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carlquib
09-01-2017, 07:16 PM
I saw this little guy at a local pawn shop, but couldn't find anything that would identify it. It is about a six inch swing with 10 or 12 between centers. I'm guessing some kind of watch makers lathe since it doesn't have a carriage traversing mechanism I could decern. It has a bunch of collets and other accessories with it as well. I don't think the drive is original, since it wouldn't let you swivel the head very far. Any one have an idea of the manufacturer and value?https://uploads.tapatalk-cdn.com/20170901/c576fabe7ef7798db1a42eda9f41bd7b.jpghttps://uploads.tapatalk-cdn.com/20170901/6b64d135c9386303cc2660814462b94b.jpg

Hello, my name is Brian and I'm a toolaholic.

J Tiers
09-01-2017, 08:19 PM
It appears to be made from various other types of parts, actually.

The headstock looks more like an old grinder head than a lathe headtock. Possibly the workhead, not the wheel head.

The bed looks like the swivel bed from a T&C grinder. The crosslide looks to be shop made, and I don't know why that tailstock would be used on a grinder, so it may have come from elsewhere.

lakeside53
09-01-2017, 08:35 PM
Cute lathe though!

kitno455
09-02-2017, 07:13 AM
Yeah, that's grinder parts, though I don't recognize which brand.

allan

JCHannum
09-02-2017, 10:31 AM
It is a lathe, the parts are all of one, not an assemblage of parts. It is more on the order of a clock maker's lathe or an upsized version of a watchmaker's lathe.

The bed appears to have beveled edges similar to watchmaker's lathes, but it could be double V-ways. It is difficult to tell from the photos. The headstock is one piece, with a swivel base conforming to the bed. The tailstock matches the center height of the headstock. The cross slide appears to be of matching construction to the rest of the machine.

There were dozens, if not scores of makers of small, purpose built machines in the early 1900's that did not survive, and may have produced only very small quantity of machines.

You can try to troll through this list of similar machines and might find one like it, or not.

http://www.lathes.co.uk/precision-bench-lathes-list/

old mart
09-02-2017, 03:07 PM
What would happen to the drivebelt if you swivelled the head? And if that could be resolved, it would certainly be a novel method of taper turning.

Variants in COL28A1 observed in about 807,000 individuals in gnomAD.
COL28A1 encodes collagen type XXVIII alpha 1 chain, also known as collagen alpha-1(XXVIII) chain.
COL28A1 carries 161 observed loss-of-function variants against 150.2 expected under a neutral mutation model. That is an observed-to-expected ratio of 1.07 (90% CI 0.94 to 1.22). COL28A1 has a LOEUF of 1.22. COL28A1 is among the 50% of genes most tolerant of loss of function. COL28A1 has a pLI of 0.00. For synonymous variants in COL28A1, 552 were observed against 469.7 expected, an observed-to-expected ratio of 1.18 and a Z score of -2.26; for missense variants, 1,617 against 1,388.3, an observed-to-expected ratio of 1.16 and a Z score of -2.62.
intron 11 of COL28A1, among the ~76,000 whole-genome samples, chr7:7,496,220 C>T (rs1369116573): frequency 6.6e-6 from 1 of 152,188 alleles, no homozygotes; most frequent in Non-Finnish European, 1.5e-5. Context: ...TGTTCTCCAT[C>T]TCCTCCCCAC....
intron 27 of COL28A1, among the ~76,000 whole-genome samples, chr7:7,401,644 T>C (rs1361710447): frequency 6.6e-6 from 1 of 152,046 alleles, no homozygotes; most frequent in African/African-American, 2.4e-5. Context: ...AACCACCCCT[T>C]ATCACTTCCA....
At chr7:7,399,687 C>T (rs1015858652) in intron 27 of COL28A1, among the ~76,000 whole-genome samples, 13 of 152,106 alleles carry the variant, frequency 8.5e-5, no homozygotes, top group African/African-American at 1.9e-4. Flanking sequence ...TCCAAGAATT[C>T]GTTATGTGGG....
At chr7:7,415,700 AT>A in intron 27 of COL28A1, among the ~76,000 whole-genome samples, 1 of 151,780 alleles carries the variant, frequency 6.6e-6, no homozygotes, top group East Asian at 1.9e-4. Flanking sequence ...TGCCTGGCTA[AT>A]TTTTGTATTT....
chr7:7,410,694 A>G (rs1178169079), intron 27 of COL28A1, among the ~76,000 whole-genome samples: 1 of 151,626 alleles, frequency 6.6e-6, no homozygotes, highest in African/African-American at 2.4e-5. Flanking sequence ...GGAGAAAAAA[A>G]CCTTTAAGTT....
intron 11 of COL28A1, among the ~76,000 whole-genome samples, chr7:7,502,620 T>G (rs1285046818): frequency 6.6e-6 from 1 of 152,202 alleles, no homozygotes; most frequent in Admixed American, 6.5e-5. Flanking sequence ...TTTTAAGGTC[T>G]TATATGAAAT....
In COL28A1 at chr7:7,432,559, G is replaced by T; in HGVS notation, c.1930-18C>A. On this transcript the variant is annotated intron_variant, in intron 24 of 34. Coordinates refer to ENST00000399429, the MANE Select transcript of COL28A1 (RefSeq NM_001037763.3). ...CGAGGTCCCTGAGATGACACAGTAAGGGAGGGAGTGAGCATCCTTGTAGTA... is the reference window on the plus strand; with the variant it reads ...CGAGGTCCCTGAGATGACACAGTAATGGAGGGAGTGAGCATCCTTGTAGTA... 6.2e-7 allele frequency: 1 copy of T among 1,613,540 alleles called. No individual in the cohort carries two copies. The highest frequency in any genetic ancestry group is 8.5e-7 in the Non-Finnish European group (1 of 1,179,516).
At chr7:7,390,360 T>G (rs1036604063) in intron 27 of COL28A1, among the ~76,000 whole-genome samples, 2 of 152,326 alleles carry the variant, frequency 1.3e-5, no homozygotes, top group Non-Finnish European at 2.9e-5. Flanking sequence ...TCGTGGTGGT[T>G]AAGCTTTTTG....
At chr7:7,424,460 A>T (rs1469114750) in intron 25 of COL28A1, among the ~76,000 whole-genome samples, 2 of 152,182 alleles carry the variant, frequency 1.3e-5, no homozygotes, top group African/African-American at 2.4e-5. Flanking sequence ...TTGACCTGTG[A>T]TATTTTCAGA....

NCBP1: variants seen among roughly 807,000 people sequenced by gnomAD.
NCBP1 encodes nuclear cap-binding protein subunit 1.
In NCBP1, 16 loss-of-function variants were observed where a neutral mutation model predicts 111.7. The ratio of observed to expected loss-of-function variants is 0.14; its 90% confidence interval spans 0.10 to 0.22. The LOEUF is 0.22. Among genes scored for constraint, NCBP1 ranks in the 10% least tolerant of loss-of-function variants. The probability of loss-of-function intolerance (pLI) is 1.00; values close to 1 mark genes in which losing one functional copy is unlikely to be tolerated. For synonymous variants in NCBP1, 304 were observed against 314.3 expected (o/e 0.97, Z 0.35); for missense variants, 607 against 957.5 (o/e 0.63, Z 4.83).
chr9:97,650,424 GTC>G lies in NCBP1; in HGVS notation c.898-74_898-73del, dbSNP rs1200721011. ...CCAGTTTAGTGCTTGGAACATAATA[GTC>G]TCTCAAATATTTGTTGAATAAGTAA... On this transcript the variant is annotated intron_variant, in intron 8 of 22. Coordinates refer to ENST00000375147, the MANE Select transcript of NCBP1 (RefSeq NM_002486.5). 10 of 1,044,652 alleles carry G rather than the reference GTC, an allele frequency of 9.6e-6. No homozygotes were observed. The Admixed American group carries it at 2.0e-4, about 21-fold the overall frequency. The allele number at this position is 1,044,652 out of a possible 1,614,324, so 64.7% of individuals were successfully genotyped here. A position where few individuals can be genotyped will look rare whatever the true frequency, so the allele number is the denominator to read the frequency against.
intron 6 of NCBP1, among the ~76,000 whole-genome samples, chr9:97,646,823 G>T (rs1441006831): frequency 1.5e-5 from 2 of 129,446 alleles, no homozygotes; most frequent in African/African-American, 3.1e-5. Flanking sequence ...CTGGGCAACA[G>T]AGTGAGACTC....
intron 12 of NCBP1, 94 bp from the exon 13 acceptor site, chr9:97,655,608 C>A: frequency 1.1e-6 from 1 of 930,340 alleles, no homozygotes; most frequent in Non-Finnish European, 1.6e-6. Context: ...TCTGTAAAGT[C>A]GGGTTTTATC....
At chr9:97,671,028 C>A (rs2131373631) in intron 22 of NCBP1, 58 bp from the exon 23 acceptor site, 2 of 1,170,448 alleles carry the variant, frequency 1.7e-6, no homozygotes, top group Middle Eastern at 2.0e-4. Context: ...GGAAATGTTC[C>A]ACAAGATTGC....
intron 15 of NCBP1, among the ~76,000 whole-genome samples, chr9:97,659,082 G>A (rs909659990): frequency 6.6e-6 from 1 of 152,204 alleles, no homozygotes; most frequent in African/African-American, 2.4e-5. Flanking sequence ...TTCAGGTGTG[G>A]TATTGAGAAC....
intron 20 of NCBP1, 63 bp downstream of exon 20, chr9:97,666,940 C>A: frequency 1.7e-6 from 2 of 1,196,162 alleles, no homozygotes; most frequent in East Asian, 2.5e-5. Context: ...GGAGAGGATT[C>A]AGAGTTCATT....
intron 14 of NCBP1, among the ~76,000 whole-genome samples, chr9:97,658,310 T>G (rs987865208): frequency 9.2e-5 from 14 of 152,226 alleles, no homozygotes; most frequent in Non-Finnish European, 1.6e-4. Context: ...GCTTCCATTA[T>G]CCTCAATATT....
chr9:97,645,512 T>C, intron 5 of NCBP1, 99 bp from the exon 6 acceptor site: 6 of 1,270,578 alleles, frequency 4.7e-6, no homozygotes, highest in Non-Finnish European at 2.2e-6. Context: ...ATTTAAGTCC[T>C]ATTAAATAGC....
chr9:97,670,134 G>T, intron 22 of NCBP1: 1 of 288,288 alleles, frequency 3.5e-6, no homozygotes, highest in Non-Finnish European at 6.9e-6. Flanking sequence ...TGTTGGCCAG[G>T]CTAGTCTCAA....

The Artful Bodger
09-02-2017, 03:49 PM
My Drummond flat bed of 1908 has a swivelling head. I assume the belt didn't get phutzed about being twisted a little in relation to the treadle flywheel.

I am not convinced this is an 'authentic lathe' as there are some features that make me think it might be a clever shop job. For example look at how the bed is constructed.

BTW, what is that piece on the bench to the right which looks like it would match the head stock swivel base?

Mcgyver
09-02-2017, 03:52 PM
What would happen to the drivebelt if you swivelled the head? And if that could be resolved, it would certainly be a novel method of taper turning.

novel perhaps when that was made, Unimats have been doing so since the '50's or whenever they came out

JCHannum
09-02-2017, 04:01 PM
The item to the right appears to be a bench vise, retained to the bench by the large wing nut visible beneath it. The vise appears to have a swiveling "fixed" jaw.

These lathes were typically powered by a series of pulleys with a round belt and an overhead drive that would accommodate the swiveling head. The pivot point of the swivel and the drive pulley are approximately on the same centerline to facilitate this.

J Tiers
09-02-2017, 05:30 PM
If it were a real intended" lathe, the crosslide would look different, and it would mount to the table/bed by means of a "shoe" that fits the bevel edge.

I still say it is grinder parts re-purposed. Cleverly re-purposed, yes... with additions. It just screams "grinder" to me.

carlquib
09-03-2017, 12:26 AM
It is very interesting. My guess is some kind of watch or clock makers lathe. I don't think it was made from parts, although I won't rule that out either. If more pictures would help let me know and I will stop again next time I'm in town. I should have taken pictures of all the accessories that are there with it. Seems to be quite well tooled for clock making.

Hello, my name is Brian and I'm a toolaholic.